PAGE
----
"My daughters participated in WordMasters for 3 years each in elementary school.  It was a large part of our elementary’s gifted enrichment program.  I am SO happy they had this opportunity.  For my oldest, an avid reader and for whom vocabulary is a cinch, this was a great self-confidence booster, and she enjoyed the friendly competition with her friends.  For my youngest, who’s not a book lover and has a weaker vocabulary, this program guaranteed 75 new, quality words per year.  AND when she excelled because we worked so hard to prepare, it made her feel really good about herself.  Also, she will test with the SCAT soon, and I am thankful for all of the analogy practice she has had.  THANK YOU!"

Terry V., Parent



 

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WordMasters Basics: How does the WordMasters Challenge™ work?

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At each grade level, the competition consists of three 20-minute analogy-solving meets, which are held at your school three times during the academic year (December, February and April).

Prior to each meet, students are given a list of 25 challenging vocabulary words, which are customized for each competition level that will appear in the meet analogies. Excellence in the competition will require both a mastery of the word meanings and thoughtful reasoning about the relationships between the word list vocabulary and more familiar language used in the competition’s analogies.

Try one for yourself from our sixth grade blue division:

GARB : REPAST :: ___________ : ___________

(a) WEAR : STIR

(b) CLOTHES : COOK

(c) EAT : WEAR

(d) THIN : FAT

(e) SEW : COOK

 

We hope you learned a new word, or maybe a new usage for a word you already knew, as you thought your way through the choices. If you're curious, option e was the correct answer.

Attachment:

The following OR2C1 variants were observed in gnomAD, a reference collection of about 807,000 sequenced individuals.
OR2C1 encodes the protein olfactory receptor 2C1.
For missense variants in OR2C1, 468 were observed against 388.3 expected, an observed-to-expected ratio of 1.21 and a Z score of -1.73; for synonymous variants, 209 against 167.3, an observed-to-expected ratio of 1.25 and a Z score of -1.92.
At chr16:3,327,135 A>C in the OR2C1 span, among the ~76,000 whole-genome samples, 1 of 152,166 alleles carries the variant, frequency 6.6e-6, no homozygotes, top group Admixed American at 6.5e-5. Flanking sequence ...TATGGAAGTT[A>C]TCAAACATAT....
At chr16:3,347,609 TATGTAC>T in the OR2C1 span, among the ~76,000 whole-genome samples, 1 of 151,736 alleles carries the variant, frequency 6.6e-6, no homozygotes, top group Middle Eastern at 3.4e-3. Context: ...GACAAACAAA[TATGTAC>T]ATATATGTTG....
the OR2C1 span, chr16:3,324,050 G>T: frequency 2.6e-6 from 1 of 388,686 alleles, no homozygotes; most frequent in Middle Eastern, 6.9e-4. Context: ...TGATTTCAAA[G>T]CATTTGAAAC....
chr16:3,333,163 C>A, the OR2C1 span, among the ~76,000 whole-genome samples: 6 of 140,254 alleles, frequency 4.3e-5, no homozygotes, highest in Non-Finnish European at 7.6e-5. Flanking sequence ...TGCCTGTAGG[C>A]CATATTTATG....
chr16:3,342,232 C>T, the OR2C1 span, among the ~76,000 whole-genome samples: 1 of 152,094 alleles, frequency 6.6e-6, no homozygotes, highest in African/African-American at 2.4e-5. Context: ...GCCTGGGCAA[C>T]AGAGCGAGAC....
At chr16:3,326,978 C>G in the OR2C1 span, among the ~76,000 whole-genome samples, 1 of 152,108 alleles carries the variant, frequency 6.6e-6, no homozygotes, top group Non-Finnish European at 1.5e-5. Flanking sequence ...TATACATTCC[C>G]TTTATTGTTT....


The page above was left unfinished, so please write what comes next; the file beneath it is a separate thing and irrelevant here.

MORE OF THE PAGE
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Wonderful Words: Sardonic

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After last week’s blog about POLTROONERY, I started thinking about how much fun it is to learn about the origin of words, and how that knowledge can really help you remember the meaning and usage of a word.  I was perusing a book I purchased last year called Grammar Girl’s 101 Words to Sound Smart by Mignon Fogarty, and came across this entry for SARDONIC (a WordMasters word in 1991 and 2009):

Greeks coined the word sardonic from the name of the island Sardinia (now part of Italy), where a plant was said to grow that, if eaten, would force face muscles into a grimacing smile—not a smile of happiness, but a smile of pain—a sardonic smile.  Scientists in Italy recently reported that they believe a Sardinian plant called water celery is the lethal herb the Greeks had in mind.

Sardonic means cutting, cynical, and disdainful and is often used to describe a kind of humor.

Now try to solve this WordMasters Challenge from our analogy archives:

COMMENT : SARDONIC :: __________________________

  1. APPLE : CRISP
  2. STEAK : TOUCH
  3. BREAD : STALE
  4. PEPPER : HOT
  5. COFFEE : BITTER





 

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Wonderful Words: Poltroon

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One of the best parts of running the WordMasters Challenge is that I am constantly learning new words myself.  Several months ago, the Analogy of the Day (follow us on Twitter now to start receiving the AOTD!) read as follows:

FANATIC : ZEALOT :: QUISLING : ___________

  1. COWARD
  2. POLTROON
  3. LOYALIST
  4. FOLLOWER
  5. TRAITOR

Hmmm….Fanatic…check.  Zealot…check.  Quisling…quisling?  Poltroon??  So I did what any true WordMaster would do and I looked up the definitions.  A quisling is a traitor who collaborates with an enemy force occupying their country.  The word was coined during the Nazi occupation of Norway in World War II when Major Vidkun Quisling, serving as Minister-President, backed Germany’s Final Solution.  After the war, Quisling was found guilty of murder and high treason, and was executed by firing squad in 1945.  The word quisling became synonymous with traitor. Okay, so now you’ll never forget what a quisling  is, right?

But I wasn’t done researching.  I also learned that a poltroon is an utter coward.  The term dates back to the 16th century, and is likely derived from Old French poultron or Old Italian poltrone meaning lazy or good-for-nothing.  Okay, not quite as memorable as the quisling story, I admit.  However, one dictionary website suggested linking poltroon with poultry, and remembering that a coward is just a big chicken.

So this summer, I have been reading Ken Follett’s Fall of Giants, which is chock full of historical references to European politics during World War I.  I came across the following passage, which contains actual excerpts from a speech delivered by David Lloyd George to the British House of Commons in 1916 upon becoming Prime Minister: